The substrate is then exposed to a second silicon oxide etch step using anhydrous HF gas, with no, or relatively low moisture, and a high flow rate of nitrogen carrier gas, to remove the remaining silicon oxide underlying the superstructure. Low moisture is referenced against conventional moisture levels employed in processes such as disclosed in U.S. Pat. No. 4,749,440, and preferably if any moisture is employed at all it is less than 10% that employed in the first stage reaction.
U.S. Pat. No. 4,749,440 describes the vapor phase etching of silicon dioxide as follows: ##STR1##
Because water vapor is a by-product of the reaction, as well as a catalyst, the reaction can proceed even in the absence of added water vapor and at high gas flow rates which rapidly remove water vapor product. Under such conditions the side reaction or reactions which produce solid by-products such as H2 SiF6 are substantially or entirely eliminated. However, the silicon oxide rate is also substantially reduced. Thus, the necessity of limiting the second silicon oxide etch step to very thin silicon oxide layers.
In the second stage, temperatures of at least 18° C. are generally desirable. Temperatures in the range of ambient to 55° C., or even higher, are generally suitable. Temperatures in the range of 100°-200° C. may be suitable in some circumstances. Temperatures higher than ambient, preferably at least about 35° C. are recommended.
Flow rates on the order of 45-60 liters per minute, i.e., double to triple the flow rates employed in moist HF vapor etch processes have been found to be most desirable.
The hydrogen fluoride is desirably added to the flowing inert gas to produce a gas mixture during the second step. Hydrogen fluoride concentration may suitably be maintained at about 1-10%, more preferably 3-5%. Concentrations outside these ranges, however, may be suitable or even optimal in other applications or under other conditions of pressure, temperature and flow rate.
The inert gas used in the present process may be any gas which is inert to the materials to be treated and which will remain in a gaseous phase under the process conditions present. Suitable gases include nitrogen, argon, neon, helium, krypton, and xenon. A particularly preferred inert gas according to the present invention is nitrogen. It is preferred to use pure nitrogen in the present process, such as chromatographic nitrogen.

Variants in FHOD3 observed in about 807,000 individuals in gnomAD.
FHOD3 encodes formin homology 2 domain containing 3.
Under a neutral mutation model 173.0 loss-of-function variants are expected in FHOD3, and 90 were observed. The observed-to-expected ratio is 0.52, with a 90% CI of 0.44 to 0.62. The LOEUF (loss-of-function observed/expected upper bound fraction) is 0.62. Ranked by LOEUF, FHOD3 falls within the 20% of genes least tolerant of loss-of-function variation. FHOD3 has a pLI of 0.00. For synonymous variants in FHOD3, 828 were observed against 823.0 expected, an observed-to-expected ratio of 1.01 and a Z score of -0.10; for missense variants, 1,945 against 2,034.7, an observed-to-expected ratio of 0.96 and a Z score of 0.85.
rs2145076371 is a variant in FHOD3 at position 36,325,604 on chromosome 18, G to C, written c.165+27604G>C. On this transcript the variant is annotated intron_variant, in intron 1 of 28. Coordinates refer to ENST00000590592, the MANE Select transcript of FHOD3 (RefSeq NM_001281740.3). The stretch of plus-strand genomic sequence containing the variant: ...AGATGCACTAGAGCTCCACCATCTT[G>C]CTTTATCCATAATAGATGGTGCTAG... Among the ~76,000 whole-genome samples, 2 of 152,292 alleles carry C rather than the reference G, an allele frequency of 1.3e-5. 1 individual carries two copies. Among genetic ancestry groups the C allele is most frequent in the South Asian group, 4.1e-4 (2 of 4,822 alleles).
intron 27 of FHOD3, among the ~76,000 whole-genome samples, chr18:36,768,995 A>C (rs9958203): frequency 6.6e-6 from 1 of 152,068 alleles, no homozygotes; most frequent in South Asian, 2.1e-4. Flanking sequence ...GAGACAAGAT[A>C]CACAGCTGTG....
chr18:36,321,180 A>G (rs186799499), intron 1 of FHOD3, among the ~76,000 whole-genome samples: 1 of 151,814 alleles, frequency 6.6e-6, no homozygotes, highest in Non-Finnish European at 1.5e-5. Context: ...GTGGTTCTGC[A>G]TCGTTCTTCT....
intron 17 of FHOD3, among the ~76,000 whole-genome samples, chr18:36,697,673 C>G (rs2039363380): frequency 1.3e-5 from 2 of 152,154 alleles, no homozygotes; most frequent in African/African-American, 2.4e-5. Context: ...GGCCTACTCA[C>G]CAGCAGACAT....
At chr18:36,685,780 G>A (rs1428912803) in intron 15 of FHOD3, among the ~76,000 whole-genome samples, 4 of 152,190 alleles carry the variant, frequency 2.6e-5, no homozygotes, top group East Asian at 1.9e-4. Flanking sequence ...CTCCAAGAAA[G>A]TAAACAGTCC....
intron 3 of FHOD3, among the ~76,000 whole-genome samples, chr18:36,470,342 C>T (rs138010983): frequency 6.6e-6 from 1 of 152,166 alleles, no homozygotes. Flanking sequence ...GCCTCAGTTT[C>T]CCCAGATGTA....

The gas mixtures may be introduced into the processing chamber in a manner which creates a uniform radial laminar flow pattern over the substrate, for instance through a gas distribution showerhead. In this manner, removal of etching products is facilitated through entrainment in the laminar flow stream. However, the present invention may be accomplished using other reactive gas flow patterns.
Referring now to the figures, there is shown therein 1-4 one specific example construction prepared to illustrate the invention. FIGS. 1 and 2a-2b show a layered preprocess structure, generally designated 2. A substrate 1, suitably a silicon wafer, has built upon it a superstructure 10 of polysilicon or the like. Interposed between a portion of the superstructure 10 and the substrate 1 is a layer or film 5 of silicon oxide of approximately 5000 Å thick. To assure effective gas penetration thereunder, holes 3 are provided through the broad central portion of superstructure 10.